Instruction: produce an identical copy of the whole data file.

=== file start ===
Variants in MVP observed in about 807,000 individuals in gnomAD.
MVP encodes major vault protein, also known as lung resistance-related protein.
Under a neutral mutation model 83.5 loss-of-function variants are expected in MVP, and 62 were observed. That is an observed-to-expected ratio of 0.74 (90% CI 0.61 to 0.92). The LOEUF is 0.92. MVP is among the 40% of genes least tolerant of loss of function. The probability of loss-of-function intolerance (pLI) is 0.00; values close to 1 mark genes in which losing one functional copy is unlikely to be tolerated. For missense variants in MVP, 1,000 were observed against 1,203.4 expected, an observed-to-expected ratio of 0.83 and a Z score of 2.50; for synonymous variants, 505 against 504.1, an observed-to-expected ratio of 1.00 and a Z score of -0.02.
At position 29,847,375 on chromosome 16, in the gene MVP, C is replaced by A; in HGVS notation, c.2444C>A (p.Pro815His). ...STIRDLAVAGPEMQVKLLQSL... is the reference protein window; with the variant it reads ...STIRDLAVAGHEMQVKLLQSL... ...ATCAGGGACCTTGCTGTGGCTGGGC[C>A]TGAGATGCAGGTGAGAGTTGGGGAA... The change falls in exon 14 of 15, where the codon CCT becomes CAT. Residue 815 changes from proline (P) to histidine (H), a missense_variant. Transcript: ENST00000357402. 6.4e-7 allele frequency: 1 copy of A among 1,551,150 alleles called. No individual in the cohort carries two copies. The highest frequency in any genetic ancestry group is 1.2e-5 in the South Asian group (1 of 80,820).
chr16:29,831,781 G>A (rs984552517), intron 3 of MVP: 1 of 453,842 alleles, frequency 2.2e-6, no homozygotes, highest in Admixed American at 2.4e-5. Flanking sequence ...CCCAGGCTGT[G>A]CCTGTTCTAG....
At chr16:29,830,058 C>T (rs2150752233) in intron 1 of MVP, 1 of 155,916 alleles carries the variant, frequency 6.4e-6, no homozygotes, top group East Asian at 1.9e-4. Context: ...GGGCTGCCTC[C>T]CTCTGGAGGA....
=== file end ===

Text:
Variants in MVP observed in about 807,000 individuals in gnomAD.
MVP encodes major vault protein, also known as lung resistance-related protein.
Under a neutral mutation model 83.5 loss-of-function variants are expected in MVP, and 62 were observed. That is an observed-to-expected ratio of 0.74 (90% CI 0.61 to 0.92). The LOEUF is 0.92. MVP is among the 40% of genes least tolerant of loss of function. The probability of loss-of-function intolerance (pLI) is 0.00; values close to 1 mark genes in which losing one functional copy is unlikely to be tolerated. For missense variants in MVP, 1,000 were observed against 1,203.4 expected, an observed-to-expected ratio of 0.83 and a Z score of 2.50; for synonymous variants, 505 against 504.1, an observed-to-expected ratio of 1.00 and a Z score of -0.02.
At position 29,847,375 on chromosome 16, in the gene MVP, C is replaced by A; in HGVS notation, c.2444C>A (p.Pro815His). ...STIRDLAVAGPEMQVKLLQSL... is the reference protein window; with the variant it reads ...STIRDLAVAGHEMQVKLLQSL... ...ATCAGGGACCTTGCTGTGGCTGGGC[C>A]TGAGATGCAGGTGAGAGTTGGGGAA... The change falls in exon 14 of 15, where the codon CCT becomes CAT. Residue 815 changes from proline (P) to histidine (H), a missense_variant. Transcript: ENST00000357402. 6.4e-7 allele frequency: 1 copy of A among 1,551,150 alleles called. No individual in the cohort carries two copies. The highest frequency in any genetic ancestry group is 1.2e-5 in the South Asian group (1 of 80,820).
chr16:29,831,781 G>A (rs984552517), intron 3 of MVP: 1 of 453,842 alleles, frequency 2.2e-6, no homozygotes, highest in Admixed American at 2.4e-5. Flanking sequence ...CCCAGGCTGT[G>A]CCTGTTCTAG....
At chr16:29,830,058 C>T (rs2150752233) in intron 1 of MVP, 1 of 155,916 alleles carries the variant, frequency 6.4e-6, no homozygotes, top group East Asian at 1.9e-4. Context: ...GGGCTGCCTC[C>T]CTCTGGAGGA....